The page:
After the emergence of the first Grizzled Skipper at Whiteways last Tuesday,today it was the turn of the Green Hairstreak to make its appearance at the same spot.
Thursday, 16 April 2015
Wednesday, 15 April 2015
Temperatures rose to their highest of the year so far today and a visit to Wheelers Bay at Bonchurch resulted in two Clouded Yellow butterflies racing along the revetment plus two Holly Blue,one of which was a female egg laying on a small rowan tree and another taking the salts on the chalk.
Tuesday, 14 April 2015
Once most of the lingering sea mist and fog had dispersed today I made a visit to Whiteways Quarry overlooking Freshwater Bay which is an excellent location for spring butterflies.
I was not disappointed, as my reward was a handsome Grizzled Skipper.Hopeful he will be the first of many here and closely followed by the other species that frequent this sunny spot.
Monday, 13 April 2015
I must say that my spring sightings of newly emerged butterflies have been poor so far with just a couple of Small Whites to date.However a stroll around my local copse at Newtown today did produce at least three Speckled Wood and a possible female Orange Tip having an aerial duel with a Brimstone, before they both flew off at speed.Of course I may have been mistaken as my 'Orange Tip' could have been just another Small White.
Still the weather this week is settled and we are hoping for some near summer temperatures.So things are set to improve.
Tuesday, 10 March 2015
Today was by far the warmest of the year and the butterflies responded.In particular the Brimstone proved to be very active with regular sightings this morning as I wandered around Walters Copse at Newtown. In fact as soon as I left the car to approach the entrance to the copse a male Brimstone fluttered down and landed close by.He was happy for me to take his picture as long as I did not spoil his view of the sun.
At this time of year all the butterflies on show are hibernators from last summer although it should not be too long before newly emerged individuals are enjoying the warmer temperatures.Apart from all these Brimstone flying about today,which by the way were all males,I had my first 2015 records of a Comma and at least two Peacock.
Wednesday, 4 March 2015
With the promise of rising temperatures over the next few days spring is almost here and time to take a stroll through Walters Copse at Newtown. The sun was shining today and the cold wind that we have endured recently is all but gone.
It wasn't long before I came across a Red Admiral basking on the leaf litter.In fact over the two hours that I spent walking about I passed this butterfly three times in exactly the same spot.However I must say that despite the warm sunshine and almost cloudless sky this was the only butterfly I saw today.Nectar sources are scarce in the copse at the moment with only the odd primrose flower to be seen but hopefully given several days of sunny weather the plants, which carpet the wood, will burst forth in the usual springtime display.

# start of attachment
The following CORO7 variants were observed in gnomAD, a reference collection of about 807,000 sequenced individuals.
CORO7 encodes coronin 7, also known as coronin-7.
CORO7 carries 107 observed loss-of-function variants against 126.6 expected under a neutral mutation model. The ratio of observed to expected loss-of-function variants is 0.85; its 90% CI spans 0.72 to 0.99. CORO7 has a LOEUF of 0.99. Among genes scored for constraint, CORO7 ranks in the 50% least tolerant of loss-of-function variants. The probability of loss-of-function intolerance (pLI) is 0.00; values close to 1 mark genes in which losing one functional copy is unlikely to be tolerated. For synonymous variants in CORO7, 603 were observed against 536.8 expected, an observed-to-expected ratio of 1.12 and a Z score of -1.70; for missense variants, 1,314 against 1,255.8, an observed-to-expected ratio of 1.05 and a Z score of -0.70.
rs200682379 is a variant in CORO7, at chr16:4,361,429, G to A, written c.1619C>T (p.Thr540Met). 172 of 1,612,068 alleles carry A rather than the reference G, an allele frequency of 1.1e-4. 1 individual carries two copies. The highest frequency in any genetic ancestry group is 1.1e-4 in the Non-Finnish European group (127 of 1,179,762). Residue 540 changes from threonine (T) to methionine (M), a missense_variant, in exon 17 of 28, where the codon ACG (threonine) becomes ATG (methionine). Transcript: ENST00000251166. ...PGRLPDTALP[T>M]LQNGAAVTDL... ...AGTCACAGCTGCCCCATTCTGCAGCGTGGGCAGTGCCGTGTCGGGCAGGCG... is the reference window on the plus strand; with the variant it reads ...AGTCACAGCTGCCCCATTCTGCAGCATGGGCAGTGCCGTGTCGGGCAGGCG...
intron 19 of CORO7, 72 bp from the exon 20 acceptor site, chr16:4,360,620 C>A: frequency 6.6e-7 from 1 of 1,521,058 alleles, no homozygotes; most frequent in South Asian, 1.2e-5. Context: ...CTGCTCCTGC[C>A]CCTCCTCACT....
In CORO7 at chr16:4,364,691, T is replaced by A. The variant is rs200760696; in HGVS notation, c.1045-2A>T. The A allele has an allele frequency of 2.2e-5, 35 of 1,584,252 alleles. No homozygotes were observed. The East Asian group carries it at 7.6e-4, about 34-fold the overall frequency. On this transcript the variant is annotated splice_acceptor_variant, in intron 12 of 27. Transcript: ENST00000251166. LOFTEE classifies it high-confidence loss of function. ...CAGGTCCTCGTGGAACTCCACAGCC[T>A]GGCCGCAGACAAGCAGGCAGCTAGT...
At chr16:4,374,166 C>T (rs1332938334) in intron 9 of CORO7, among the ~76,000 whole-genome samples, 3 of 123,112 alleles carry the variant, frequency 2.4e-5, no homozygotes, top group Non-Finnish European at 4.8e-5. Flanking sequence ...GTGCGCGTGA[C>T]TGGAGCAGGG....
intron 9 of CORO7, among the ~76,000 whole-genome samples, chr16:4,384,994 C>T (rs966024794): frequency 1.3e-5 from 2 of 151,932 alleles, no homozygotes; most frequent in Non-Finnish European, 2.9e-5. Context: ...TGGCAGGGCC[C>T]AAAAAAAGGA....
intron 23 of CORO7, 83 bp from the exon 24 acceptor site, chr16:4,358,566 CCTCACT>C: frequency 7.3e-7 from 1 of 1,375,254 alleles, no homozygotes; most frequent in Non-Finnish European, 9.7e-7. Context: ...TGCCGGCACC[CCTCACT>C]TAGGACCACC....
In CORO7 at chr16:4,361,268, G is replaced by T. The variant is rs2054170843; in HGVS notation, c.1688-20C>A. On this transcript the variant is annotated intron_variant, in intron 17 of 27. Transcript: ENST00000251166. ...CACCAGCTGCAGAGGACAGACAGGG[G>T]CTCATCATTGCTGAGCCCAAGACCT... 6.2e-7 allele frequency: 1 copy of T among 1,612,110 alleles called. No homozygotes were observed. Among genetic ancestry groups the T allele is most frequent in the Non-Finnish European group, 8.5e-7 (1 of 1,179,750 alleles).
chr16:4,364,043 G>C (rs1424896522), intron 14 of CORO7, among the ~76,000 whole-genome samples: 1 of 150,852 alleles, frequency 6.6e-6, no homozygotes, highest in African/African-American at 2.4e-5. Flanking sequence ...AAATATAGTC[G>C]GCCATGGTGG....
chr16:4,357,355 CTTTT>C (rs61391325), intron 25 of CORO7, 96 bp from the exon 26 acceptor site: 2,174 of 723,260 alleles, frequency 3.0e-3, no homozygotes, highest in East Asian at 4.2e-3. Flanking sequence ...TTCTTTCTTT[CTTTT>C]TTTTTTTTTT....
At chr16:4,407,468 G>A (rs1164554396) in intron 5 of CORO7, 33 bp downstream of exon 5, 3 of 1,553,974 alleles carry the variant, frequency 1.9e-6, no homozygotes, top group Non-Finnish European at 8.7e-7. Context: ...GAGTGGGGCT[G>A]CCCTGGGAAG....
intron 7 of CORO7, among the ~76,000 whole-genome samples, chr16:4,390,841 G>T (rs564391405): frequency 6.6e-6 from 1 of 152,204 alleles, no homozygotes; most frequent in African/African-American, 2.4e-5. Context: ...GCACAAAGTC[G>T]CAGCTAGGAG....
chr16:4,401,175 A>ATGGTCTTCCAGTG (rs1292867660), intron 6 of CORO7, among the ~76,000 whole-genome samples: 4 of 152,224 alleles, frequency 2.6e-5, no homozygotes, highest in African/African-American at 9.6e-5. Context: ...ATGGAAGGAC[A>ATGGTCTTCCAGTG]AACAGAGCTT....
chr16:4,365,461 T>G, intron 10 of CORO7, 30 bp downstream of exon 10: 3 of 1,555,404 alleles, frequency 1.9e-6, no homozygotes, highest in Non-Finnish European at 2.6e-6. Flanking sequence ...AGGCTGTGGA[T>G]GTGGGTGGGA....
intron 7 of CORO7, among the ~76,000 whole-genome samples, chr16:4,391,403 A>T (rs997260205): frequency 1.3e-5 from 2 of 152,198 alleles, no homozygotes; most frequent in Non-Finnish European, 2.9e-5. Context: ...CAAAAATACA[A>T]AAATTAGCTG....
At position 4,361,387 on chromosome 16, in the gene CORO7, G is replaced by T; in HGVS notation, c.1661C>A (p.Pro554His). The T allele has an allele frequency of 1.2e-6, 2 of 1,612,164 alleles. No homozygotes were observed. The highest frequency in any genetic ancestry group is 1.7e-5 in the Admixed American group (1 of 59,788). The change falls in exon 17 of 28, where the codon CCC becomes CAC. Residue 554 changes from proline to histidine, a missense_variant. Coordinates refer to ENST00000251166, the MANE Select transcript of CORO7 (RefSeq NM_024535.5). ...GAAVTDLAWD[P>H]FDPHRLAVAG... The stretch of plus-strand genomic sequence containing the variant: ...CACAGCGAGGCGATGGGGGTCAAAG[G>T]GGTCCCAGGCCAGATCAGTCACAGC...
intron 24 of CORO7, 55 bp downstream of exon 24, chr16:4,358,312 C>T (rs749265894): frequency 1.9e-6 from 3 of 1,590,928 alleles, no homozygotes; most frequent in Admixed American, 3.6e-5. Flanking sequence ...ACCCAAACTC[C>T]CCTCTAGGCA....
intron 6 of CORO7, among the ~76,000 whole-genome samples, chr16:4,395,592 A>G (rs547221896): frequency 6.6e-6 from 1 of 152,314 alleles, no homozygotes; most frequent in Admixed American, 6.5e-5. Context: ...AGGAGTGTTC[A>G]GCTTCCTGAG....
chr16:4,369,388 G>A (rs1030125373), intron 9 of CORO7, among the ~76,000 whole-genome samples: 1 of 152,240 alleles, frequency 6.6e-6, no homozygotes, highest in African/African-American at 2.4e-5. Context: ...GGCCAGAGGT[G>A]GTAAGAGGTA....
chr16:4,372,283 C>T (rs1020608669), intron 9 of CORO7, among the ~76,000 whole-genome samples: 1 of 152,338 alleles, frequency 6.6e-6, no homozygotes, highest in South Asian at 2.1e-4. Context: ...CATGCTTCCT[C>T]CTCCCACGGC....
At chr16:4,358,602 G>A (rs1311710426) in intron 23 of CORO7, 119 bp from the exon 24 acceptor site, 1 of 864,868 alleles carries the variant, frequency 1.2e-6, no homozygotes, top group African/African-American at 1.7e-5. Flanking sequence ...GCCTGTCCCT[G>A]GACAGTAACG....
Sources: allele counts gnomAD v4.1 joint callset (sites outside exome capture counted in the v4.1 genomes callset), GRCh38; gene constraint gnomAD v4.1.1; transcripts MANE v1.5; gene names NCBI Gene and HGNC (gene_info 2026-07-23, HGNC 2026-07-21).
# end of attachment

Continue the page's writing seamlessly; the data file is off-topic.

Friday, 27 February 2015
On the Isle of Wight we can look forward to our own very special butterfly again this season when the Glanville Fritillary emerges at the end of April or early May.
The female butterfly will lay up to 200 eggs on the host food plant,Ribwort Plantain.Following the fourth moult or instar the larvae build a web in order to hibernate over the winter.After the sixth and final moult the caterpillars will disperse from their protective web and pupate
When disturbed or in inclement weather the larvae will retreat back into the undergrowth behind their web and form into a protective ball.
Wednesday, 25 February 2015
A butterfly found mainly in the southern half of the UK but sadly not on the Isle of Wight is the Silver-studded Blue.The New Forest in particular is an excellent place to see this species, with 'explosions' occurring in some years on the Forest heathlands when thousands can be seen.Sightings of this 'blue' on the Island are rare,the last is a very dubious report of an individual in 2011.Not since the 1940's has the Silver-studded Blue colonised the Island.
The following photographs were taken on a very dismal,grey,and wet July day in the New Forest when the butterflies were keeping deep down in the heather.As with most of the 'blues'the female is not blue like the male,but rather a chocolate brown.The silvery blue 'studs' are visible on the underside of the female in the second picture.
Wednesday, 4 February 2015
Spring is not too far away now and it will be hotly followed (hopefully) by early summer.Like me, a butterfly that enjoys the sun and warmth is the rather unimaginatively named Spotted Fritillary,Melitaea didyma.It can be common in Southern Europe and I have come across this handsome butterfly on the Greek Island of Lefkada where I have seen it in dry hillside meadows.The male has a bright orange- red upperside with black spots,hence its name, whereas the female is marked much more extensively with black.The undersides of both sexes are similar